ReplyDelete
  22. I think intelligence is partly learning and retaining information, being able to hold a good conversation, being able to problem solve well, etc. but I also think that it is how you respond to certain situations in life. I know some people who I thought were rather intelligent at first, but they did a LOT of stupid things in their life, and I realized maybe they weren't that much smarter than me.

    I consider myself very average. A lot of people tell me they think I'm intelligent, but it's because there are so many stupid people shouting so loud nowadays. If I'm actually around a truly intelligent person, my average-ness shows.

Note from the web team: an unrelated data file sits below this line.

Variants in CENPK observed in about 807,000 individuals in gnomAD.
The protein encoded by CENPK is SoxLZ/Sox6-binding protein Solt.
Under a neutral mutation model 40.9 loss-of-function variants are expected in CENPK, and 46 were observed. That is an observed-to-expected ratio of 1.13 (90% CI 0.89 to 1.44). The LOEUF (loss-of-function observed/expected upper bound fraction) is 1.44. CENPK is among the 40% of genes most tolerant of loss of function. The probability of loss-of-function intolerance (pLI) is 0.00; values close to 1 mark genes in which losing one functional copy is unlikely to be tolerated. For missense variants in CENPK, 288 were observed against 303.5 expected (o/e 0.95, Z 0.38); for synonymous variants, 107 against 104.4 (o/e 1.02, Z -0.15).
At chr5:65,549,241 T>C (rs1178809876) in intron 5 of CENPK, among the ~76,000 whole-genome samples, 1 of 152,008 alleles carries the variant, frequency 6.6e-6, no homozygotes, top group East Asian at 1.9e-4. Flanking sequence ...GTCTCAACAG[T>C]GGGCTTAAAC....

ReplyDelete
  23. Hmmmm - thought provoking!

    I guess for me intelligence is the person who can learn and adapt from a broad range of situations. I know so many academics for example who barely function on a social or practical level. They may have degrees coming out of their ears but to me, that's not necessarily intelligent. On the other hand, I also have a lot of friends who haven't had the best start in life so weren't given the opportunity to be academically smart, but that doesn't mean they haven't more than two brain cells to rub together. They're some of the smartest people I know :)

    And for me, a good sense of humour is a massive sign of intelligence!

    K x

    ReplyDelete